The star of Shakespeare in Love examines Royal Ballet productions, musicals such as West Side Story, and Baz Luhrmann’s extraordinary cinematic re-imagination of Romeo & Juliet to understand why the love story remains the most adapted and performed of all Shakespeare’s works. Features interviews with Orlando Bloom and Stephen Sondheim.

Online

OpenLearn has extensive content in connection with the series subject areas. Find out more about the man, the work and the legacy of Shakespeare.

This 6-part series was commissioned by Caroline Ogilvie, Open Media Unit, and is supported by the OU’s Faculty of Arts, with particular relevance to:

Find out more about the series on Sky.

Open Media Unit
The Open University

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Episode 1: The Bottom Line

The Bottom Line - Photo: © BBC

© BBC

The first of eight episodes of a new series of The Bottom Line presented by Evan Davis, is scheduled for broadcast on Thursday 2nd October at 8.30pm on BBC Radio 4.

The BBC and The Open University’s Faculty of Business and Law have come together to discuss the big issues with top business leaders from Britain and around the world.

Episode 1: The Saviour Returns
Broadcasting Thursday 2nd October – 8.30pm

The best person for the job? Evan Davis hears from four bosses who took back control of the companies they had once founded.

Why did they leave and what events made them return? From boardroom coups to corporate collapses, entrepreneurs explain how they took the helm – for the second time – of the businesses they knew so well. What had changed while they were away? And what were the very first decisions they made when they walked back through the doors?

Guests:

  • Steve Morgan, founder, Redrow
  • Louise O’Sullivan, founder, Anam
  • Nick and Kath Whitworth, co-founders, Celtic Sheepskin

This episode is repeated on Saturday 4th October at 5.30pm.

Further Info

This series of The Bottom Line links into a number of modules in the Business Faculty:

Get extra insight on OpenLearn and go beyond the headlines.

Open Media Unit
The Open University

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Episode 8: The Educators

Sarah Montague

Sarah Montague © BBC

The eighth and final episode of The Educators, presented by Sarah Montague is scheduled for broadcast this Wednesday 1st October at 16:00 on BBC Radio 4.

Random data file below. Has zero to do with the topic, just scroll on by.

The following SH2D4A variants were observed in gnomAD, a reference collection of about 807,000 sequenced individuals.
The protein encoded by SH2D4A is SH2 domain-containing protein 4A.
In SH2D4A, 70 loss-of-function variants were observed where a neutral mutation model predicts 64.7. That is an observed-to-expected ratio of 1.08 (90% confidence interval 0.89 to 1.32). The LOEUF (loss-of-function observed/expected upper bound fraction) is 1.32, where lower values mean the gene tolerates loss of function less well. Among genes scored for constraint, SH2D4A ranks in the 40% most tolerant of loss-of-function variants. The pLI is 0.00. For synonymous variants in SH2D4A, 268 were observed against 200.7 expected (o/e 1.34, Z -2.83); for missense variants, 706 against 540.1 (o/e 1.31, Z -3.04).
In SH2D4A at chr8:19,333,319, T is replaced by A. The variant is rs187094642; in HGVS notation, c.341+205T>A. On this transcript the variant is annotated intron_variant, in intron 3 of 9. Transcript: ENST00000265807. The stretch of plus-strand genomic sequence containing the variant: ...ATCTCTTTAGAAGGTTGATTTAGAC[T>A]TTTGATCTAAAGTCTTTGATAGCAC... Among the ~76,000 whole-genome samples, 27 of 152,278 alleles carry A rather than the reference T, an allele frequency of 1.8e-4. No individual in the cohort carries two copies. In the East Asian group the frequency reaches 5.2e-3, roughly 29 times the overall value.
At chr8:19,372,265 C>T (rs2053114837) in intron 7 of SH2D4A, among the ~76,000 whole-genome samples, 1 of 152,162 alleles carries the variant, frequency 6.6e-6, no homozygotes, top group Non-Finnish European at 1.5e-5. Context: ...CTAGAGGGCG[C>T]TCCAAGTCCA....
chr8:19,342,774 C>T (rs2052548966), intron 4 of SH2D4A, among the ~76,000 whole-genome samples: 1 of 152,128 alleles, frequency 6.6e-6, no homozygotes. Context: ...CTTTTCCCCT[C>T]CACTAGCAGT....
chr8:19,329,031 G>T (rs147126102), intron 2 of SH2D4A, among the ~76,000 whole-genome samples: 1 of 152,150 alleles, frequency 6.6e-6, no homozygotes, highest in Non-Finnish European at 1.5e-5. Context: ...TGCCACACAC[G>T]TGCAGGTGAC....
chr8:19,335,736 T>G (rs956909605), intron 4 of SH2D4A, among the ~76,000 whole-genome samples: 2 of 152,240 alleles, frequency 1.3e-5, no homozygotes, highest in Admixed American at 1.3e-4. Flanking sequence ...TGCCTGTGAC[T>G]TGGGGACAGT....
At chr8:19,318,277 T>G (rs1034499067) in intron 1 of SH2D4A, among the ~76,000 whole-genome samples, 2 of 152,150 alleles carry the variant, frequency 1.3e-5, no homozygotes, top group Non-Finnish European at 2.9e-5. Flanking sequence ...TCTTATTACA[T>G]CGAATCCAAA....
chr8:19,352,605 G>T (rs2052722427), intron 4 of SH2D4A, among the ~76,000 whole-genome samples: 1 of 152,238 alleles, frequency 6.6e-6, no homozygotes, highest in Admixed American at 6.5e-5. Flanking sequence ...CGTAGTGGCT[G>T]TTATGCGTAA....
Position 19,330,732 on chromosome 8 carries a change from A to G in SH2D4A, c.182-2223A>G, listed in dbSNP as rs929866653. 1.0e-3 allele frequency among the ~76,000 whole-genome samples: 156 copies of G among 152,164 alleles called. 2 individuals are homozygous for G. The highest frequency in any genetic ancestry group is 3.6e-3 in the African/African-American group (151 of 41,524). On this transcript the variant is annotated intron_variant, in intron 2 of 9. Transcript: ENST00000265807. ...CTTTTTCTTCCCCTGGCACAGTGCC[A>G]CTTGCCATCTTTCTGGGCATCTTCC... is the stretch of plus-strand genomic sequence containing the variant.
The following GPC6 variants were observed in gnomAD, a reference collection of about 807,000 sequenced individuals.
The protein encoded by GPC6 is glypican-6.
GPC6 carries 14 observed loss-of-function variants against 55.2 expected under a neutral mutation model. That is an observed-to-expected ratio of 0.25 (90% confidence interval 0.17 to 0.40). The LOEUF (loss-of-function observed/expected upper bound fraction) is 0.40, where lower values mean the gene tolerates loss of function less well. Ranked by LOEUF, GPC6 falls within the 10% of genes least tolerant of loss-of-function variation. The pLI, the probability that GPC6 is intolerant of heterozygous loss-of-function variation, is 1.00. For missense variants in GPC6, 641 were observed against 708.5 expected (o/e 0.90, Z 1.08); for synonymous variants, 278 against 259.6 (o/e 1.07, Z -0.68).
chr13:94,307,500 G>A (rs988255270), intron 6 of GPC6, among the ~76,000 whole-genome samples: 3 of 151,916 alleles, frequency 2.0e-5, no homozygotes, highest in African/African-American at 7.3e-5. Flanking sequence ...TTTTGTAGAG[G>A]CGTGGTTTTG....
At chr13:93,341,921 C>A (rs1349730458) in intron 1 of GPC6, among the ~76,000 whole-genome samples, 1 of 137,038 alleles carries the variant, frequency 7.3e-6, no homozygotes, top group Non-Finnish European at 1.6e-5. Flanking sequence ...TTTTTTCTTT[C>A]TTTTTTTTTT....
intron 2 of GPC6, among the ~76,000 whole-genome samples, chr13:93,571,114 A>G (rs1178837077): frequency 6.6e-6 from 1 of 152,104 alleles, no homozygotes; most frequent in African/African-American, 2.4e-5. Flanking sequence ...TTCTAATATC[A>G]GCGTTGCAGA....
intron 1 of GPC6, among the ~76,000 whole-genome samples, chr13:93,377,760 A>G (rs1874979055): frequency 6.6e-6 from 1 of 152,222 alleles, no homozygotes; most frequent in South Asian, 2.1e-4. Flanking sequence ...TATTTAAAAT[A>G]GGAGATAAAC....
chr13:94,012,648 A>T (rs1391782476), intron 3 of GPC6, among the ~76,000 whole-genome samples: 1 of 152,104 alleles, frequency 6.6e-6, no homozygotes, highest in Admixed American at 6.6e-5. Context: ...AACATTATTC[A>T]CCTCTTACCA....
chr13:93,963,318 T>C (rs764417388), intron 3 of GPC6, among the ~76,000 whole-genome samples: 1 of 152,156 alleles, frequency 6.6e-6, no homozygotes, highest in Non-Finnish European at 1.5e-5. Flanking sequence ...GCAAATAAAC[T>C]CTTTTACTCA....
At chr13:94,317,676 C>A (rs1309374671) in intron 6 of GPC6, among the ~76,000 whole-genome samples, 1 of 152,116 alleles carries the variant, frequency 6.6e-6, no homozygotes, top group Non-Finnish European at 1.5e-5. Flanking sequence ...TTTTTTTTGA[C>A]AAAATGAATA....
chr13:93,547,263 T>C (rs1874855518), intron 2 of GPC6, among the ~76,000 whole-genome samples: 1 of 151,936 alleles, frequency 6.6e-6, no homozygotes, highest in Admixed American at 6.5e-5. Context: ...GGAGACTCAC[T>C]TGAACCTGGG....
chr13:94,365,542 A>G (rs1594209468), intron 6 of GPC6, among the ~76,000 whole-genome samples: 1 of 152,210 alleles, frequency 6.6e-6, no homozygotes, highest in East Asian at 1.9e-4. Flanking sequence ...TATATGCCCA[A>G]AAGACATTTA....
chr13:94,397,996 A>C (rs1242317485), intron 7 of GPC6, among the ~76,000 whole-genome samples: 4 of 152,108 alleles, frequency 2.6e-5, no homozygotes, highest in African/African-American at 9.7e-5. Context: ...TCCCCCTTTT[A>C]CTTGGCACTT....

The BBC and The Open University have come together to explore the ideas of people whose influence extends from students to governments. Is there a proven model for good schools and teaching? Can potential be unlocked in any student, at any age? Do we value and measure the most important skills? And can children be the best teachers of other children?

This series discusses these and many other issues on a global scale with various pioneers of education.

Episode 8: Salman Khan
Broadcasting Wednesday 1st October – 16:00

Sal Khan worked as a hedge-fund analyst before he set up the Khan Academy, almost by accident, when his cousin in another city needed help with her maths homework. Since then, his online video lessons have been watched half a billion times, and he’s been described by Bill Gates as ‘the world’s favourite teacher’.

In this programme, Sal Khan talks about how and why he set up the not-for-profit organisation. He tells Sarah Montague why he believes lesson time in school could be spent more effectively if the explanation of new ideas is done at home, with students watching video lectures, in a process known as ‘flipped learning’.

He argues that pupils should have the freedom to move at their own pace, only moving on when they have mastered a concept. He says this type of learning would be done best in larger classes made up of students from mixed age groups and abilities.

This episode will also be repeated on Monday 6th October at 00:15

Further Info

Find out more about the series, or if you missed the previous episode you can still catch up:

Take a look at The Open University’s Education, Childhood and Youth prospectus for details on courses and qualifications surrounding this subject, and has particular relevance to:

There is also lots of content in connection with the series and relevant subject areas on OpenLearn.  Find out more now

Open Media Unit
The Open University